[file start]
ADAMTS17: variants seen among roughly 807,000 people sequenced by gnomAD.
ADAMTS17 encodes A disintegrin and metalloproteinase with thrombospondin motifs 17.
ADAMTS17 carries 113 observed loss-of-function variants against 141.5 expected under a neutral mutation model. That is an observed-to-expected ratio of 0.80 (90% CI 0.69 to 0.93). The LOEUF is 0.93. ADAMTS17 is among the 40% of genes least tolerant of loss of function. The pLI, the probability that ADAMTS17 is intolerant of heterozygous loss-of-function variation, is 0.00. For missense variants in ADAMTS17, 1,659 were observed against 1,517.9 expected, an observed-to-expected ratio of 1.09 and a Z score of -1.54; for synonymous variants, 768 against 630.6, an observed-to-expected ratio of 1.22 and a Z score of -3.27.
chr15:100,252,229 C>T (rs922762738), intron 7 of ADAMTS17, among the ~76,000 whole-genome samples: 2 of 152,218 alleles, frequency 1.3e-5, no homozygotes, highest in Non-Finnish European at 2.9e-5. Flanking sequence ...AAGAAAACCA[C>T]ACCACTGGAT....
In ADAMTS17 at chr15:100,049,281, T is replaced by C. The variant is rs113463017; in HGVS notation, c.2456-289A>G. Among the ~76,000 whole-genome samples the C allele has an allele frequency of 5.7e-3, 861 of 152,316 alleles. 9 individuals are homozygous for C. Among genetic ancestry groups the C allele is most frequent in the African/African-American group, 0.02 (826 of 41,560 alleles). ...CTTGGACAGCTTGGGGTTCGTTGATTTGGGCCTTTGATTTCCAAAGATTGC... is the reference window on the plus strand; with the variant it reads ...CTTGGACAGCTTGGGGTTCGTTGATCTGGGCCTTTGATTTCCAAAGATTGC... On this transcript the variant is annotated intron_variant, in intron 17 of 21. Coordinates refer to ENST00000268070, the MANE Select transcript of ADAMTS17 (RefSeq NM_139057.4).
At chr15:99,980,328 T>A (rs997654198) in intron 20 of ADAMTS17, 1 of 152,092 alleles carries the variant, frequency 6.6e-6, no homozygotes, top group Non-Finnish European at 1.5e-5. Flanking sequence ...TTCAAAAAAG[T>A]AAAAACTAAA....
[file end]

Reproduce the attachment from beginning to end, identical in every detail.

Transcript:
ADAMTS17: variants seen among roughly 807,000 people sequenced by gnomAD.
ADAMTS17 encodes A disintegrin and metalloproteinase with thrombospondin motifs 17.
ADAMTS17 carries 113 observed loss-of-function variants against 141.5 expected under a neutral mutation model. That is an observed-to-expected ratio of 0.80 (90% CI 0.69 to 0.93). The LOEUF is 0.93. ADAMTS17 is among the 40% of genes least tolerant of loss of function. The pLI, the probability that ADAMTS17 is intolerant of heterozygous loss-of-function variation, is 0.00. For missense variants in ADAMTS17, 1,659 were observed against 1,517.9 expected, an observed-to-expected ratio of 1.09 and a Z score of -1.54; for synonymous variants, 768 against 630.6, an observed-to-expected ratio of 1.22 and a Z score of -3.27.
chr15:100,252,229 C>T (rs922762738), intron 7 of ADAMTS17, among the ~76,000 whole-genome samples: 2 of 152,218 alleles, frequency 1.3e-5, no homozygotes, highest in Non-Finnish European at 2.9e-5. Flanking sequence ...AAGAAAACCA[C>T]ACCACTGGAT....
In ADAMTS17 at chr15:100,049,281, T is replaced by C. The variant is rs113463017; in HGVS notation, c.2456-289A>G. Among the ~76,000 whole-genome samples the C allele has an allele frequency of 5.7e-3, 861 of 152,316 alleles. 9 individuals are homozygous for C. Among genetic ancestry groups the C allele is most frequent in the African/African-American group, 0.02 (826 of 41,560 alleles). ...CTTGGACAGCTTGGGGTTCGTTGATTTGGGCCTTTGATTTCCAAAGATTGC... is the reference window on the plus strand; with the variant it reads ...CTTGGACAGCTTGGGGTTCGTTGATCTGGGCCTTTGATTTCCAAAGATTGC... On this transcript the variant is annotated intron_variant, in intron 17 of 21. Coordinates refer to ENST00000268070, the MANE Select transcript of ADAMTS17 (RefSeq NM_139057.4).
At chr15:99,980,328 T>A (rs997654198) in intron 20 of ADAMTS17, 1 of 152,092 alleles carries the variant, frequency 6.6e-6, no homozygotes, top group Non-Finnish European at 1.5e-5. Flanking sequence ...TTCAAAAAAG[T>A]AAAAACTAAA....